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0 0.5 1 1.5 2+ Mortality 70% Improvement Relative Risk De Smet et al. Vitamin D for COVID-19 Sufficiency Are vitamin D levels associated with COVID-19 outcomes? Retrospective 186 patients in Belgium Lower mortality with higher vitamin D levels (p=0.015) De Smet et al., American J. Clinical Pathology, doi:10.1093/ajcp/aqaa252 Favors vitamin D Favors control
Serum 25(OH)D Level on Hospital Admission Associated With COVID-19 Stage and Mortality
De Smet et al., American Journal of Clinical Pathology, doi:10.1093/ajcp/aqaa252
De Smet et al., Serum 25(OH)D Level on Hospital Admission Associated With COVID-19 Stage and Mortality, American Journal of Clinical Pathology, doi:10.1093/ajcp/aqaa252
Nov 2020   Source   PDF  
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Retrospective 186 hospitalized patients in Belgium showing that 59% of patients were vitamin D deficient, and that non-vitamin D deficient patients had significantly lower mortality risk, RR 0.26, p = 0.015.
risk of death, 70.1% lower, RR 0.30, p = 0.02, high D levels 7 of 77 (9.1%), low D levels 20 of 109 (18.3%), adjusted per study, odds ratio converted to relative risk, >20ng/mL.
Effect extraction follows pre-specified rules prioritizing more serious outcomes. Submit updates
De Smet et al., 25 Nov 2020, retrospective, Belgium, peer-reviewed, 5 authors.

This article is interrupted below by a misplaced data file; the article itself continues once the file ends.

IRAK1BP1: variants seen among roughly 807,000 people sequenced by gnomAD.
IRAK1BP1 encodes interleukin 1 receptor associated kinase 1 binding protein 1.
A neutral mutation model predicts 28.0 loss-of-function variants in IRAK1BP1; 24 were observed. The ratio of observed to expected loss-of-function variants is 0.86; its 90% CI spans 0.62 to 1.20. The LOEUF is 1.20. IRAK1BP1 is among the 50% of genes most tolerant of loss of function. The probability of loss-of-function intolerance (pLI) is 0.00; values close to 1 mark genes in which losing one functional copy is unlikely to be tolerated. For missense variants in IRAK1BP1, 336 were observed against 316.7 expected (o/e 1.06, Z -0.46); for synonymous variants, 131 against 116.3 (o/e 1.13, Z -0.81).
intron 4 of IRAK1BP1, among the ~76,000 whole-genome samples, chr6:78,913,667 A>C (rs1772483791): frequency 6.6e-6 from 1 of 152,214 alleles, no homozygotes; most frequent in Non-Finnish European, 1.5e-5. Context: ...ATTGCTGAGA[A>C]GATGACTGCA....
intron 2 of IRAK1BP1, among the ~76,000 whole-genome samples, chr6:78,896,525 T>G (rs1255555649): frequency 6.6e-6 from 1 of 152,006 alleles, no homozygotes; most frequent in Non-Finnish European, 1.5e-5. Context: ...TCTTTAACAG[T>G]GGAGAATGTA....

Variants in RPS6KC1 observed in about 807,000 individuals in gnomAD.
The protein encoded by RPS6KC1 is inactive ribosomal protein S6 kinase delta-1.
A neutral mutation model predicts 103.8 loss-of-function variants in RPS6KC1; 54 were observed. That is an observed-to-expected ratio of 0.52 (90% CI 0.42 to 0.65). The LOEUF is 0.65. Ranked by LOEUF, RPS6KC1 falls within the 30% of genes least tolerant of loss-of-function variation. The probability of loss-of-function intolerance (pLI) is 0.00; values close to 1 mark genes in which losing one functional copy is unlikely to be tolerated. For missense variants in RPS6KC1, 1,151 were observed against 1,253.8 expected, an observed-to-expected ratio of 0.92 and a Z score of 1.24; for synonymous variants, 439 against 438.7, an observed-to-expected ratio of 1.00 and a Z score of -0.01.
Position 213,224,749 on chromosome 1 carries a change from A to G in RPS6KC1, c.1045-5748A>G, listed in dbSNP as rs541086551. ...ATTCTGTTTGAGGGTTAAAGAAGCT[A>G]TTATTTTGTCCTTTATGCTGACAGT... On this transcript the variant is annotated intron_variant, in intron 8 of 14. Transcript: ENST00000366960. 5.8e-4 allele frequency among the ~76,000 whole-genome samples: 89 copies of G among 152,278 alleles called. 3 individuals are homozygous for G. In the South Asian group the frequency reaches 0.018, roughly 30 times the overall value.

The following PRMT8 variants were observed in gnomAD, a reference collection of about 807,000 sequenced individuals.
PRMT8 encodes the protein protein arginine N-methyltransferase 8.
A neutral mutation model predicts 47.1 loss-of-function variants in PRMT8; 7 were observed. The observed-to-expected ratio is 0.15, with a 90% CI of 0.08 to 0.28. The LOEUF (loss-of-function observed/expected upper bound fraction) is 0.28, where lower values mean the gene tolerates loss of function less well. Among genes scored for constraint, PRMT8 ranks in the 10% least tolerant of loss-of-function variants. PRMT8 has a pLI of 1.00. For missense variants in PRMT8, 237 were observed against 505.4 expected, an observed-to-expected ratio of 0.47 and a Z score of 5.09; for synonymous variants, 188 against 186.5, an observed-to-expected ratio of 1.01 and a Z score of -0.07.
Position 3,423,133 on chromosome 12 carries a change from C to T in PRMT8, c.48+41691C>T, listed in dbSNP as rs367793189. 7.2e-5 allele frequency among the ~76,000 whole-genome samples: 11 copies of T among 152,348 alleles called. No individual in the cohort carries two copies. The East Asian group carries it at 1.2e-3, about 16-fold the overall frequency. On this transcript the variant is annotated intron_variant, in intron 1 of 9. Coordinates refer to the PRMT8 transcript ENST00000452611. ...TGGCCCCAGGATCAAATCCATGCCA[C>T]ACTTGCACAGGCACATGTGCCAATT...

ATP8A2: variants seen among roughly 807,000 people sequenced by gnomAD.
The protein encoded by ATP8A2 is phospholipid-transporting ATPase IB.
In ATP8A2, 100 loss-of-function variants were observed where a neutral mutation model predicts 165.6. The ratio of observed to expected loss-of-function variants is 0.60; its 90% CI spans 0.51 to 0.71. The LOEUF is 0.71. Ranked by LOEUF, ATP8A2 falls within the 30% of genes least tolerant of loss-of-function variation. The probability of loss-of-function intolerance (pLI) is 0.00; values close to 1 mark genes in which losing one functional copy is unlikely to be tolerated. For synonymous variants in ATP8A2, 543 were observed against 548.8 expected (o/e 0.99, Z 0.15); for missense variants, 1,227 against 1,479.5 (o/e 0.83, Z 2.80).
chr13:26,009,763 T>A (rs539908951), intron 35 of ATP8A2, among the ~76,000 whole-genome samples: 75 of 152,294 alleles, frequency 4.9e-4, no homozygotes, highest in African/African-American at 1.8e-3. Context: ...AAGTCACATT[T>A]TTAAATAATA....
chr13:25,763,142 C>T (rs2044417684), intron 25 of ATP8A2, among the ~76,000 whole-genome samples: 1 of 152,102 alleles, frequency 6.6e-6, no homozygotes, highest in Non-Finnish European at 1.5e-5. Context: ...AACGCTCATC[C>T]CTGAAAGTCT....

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Abstract: AJCP / Original Article Serum 25(OH)D Level on Hospital Admission Associated With COVID-19 Stage and Mortality Dieter De Smet, MD,1 Kristof De Smet, MD,2 Pauline Herroelen, MSc,1 Stefaan Gryspeerdt, MD,2 and Geert A. Martens, MD, PhD1,3,4, From the 1AZ Delta Medical Laboratories and 2Department of Radiology, AZ Delta General Hospital, Roeselare, Belgium; 3VUB Metabolomics Platform, Brussels Free University, Brussels, Belgium; and 4Department of Biomolecular Medicine, Ghent University, Ghent, Belgium. Am J Clin Pathol March 2021;155:381-388 DOI: 10.1093/AJCP/AQAA252 ABSTRACT Objectives: Vitamin D deficiency was previously correlated with incidence and severity of coronavirus disease 2019 (COVID-19). We investigated the association between serum 25-hydroxyvitamin D (25(OH)D) level on admission and radiologic stage and outcome of COVID-19 pneumonia. Methods: A retrospective observational trial was done on 186 severe acute respiratory syndrome coronavirus 2 (SARSCoV-2)–infected individuals hospitalized from March 1, 2020, to April 7, 2020, with combined chest computed tomography (CT) and 25(OH)D measurement on admission. Multivariate regression analysis was performed to study if vitamin D deficiency (25(OH)D <20 ng/mL) correlates with survival independently of confounding comorbidities. Results: Of the patients with COVID-19, 59% were vitamin D deficient on admission: 47% of females and 67% of males. In particular, male patients with COVID19 showed progressively lower 25(OH)D with advancing radiologic stage, with deficiency rates increasing from 55% in stage 1 to 74% in stage 3. Vitamin D deficiency on admission was not confounded by age, ethnicity, chronic lung disease, coronary artery disease/hypertension, or diabetes and was associated with mortality (odds ratio [OR], 3.87; 95% confidence interval [CI], 1.30-11.55), independent of age (OR, 1.09; 95% CI, 1.03-1.14), chronic lung disease (OR, 3.61; 95% CI, 1.18-11.09), and extent of lung damage expressed by chest CT severity score (OR, 1.12; 95% CI, 1.01-1.25). Conclusions: Low 25(OH)D levels on admission are associated with COVID-19 disease stage and mortality. © American Society for Clinical Pathology, 2020. All rights reserved. For permissions, please e-mail: Key Points • A remarkably high fraction (59%) of patients with coronavirus disease 2019 (COVID-19) are vitamin D deficient (25(OH)D <20 ng/mL) on admission. Deficiency was most pronounced in men with advanced radiologic stages of COVID-19 pneumonia. • Vitamin D deficiency on admission was associated with COVID-19 mortality with an odds ratio of 3.87, independent of age, chronic lung disease, coronary artery disease, hypertension, or diabetes. In a subset of severe acute respiratory syndrome coronavirus 2 (SARS-CoV-2) infections, excessive recruitment of proinflammatory cells and cytokine release contribute to alveolar and endothelial damage, triggering a vicious cycle that evolves toward severe coronavirus disease 2019 (COVID-19).1,2 Beside its role in calcium metabolism, 1,25-dihydroxyvitamin D is a pleiotropic regulator of the immune system.3-5 It stimulates the expression of cathelicidins and β-defensins in respiratory epithelia as a barrier to pathogen invasion.6,7 It acts as a protolerogenic and anti-inflammatory cytokine by inhibiting T helper 1 (Th1) proliferation and switching Th1 CD4 T cells and M1-polarized macrophages toward a type II immunity. Vitamin D deficiency (25-hydroxyvitamin D..
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